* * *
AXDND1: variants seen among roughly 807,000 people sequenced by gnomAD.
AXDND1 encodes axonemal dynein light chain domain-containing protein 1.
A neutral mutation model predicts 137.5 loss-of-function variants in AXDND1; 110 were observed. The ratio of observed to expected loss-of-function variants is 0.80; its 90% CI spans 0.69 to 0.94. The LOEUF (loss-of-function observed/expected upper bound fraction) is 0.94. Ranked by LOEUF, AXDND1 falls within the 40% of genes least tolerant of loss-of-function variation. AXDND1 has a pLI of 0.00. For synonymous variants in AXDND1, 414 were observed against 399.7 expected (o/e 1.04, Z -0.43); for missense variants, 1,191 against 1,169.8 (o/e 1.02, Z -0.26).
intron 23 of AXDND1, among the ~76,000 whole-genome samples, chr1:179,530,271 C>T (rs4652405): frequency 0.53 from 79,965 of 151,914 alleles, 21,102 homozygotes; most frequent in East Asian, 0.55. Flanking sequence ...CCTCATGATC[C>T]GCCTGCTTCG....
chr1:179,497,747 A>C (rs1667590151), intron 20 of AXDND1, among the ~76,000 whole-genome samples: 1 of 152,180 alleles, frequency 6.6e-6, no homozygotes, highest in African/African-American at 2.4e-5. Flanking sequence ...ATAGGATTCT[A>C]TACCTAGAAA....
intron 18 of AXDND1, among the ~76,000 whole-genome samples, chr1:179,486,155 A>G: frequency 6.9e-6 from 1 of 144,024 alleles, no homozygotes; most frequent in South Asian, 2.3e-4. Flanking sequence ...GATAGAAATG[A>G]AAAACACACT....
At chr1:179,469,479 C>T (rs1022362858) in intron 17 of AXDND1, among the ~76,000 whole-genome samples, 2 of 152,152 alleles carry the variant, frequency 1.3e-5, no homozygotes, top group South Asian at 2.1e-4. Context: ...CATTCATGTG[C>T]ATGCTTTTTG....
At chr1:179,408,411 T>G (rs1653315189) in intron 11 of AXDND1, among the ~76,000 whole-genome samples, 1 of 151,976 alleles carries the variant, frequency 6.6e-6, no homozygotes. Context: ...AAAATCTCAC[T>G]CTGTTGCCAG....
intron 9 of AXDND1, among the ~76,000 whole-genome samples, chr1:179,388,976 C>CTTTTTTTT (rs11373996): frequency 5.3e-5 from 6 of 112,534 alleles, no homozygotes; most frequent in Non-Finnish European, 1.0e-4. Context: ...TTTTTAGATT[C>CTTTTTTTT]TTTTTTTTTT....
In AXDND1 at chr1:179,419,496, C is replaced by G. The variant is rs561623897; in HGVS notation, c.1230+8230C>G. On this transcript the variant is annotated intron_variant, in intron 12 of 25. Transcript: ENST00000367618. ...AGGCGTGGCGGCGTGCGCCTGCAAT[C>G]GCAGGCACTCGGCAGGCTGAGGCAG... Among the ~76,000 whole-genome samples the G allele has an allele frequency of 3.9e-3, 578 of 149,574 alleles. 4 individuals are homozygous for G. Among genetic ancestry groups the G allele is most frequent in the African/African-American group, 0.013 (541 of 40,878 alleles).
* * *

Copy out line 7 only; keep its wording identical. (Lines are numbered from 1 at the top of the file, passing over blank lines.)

At chr1:179,469,479 C>T (rs1022362858) in intron 17 of AXDND1, among the ~76,000 whole-genome samples, 2 of 152,152 alleles carry the variant, frequency 1.3e-5, no homozygotes, top group South Asian at 2.1e-4. Context: ...CATTCATGTG[C>T]ATGCTTTTTG....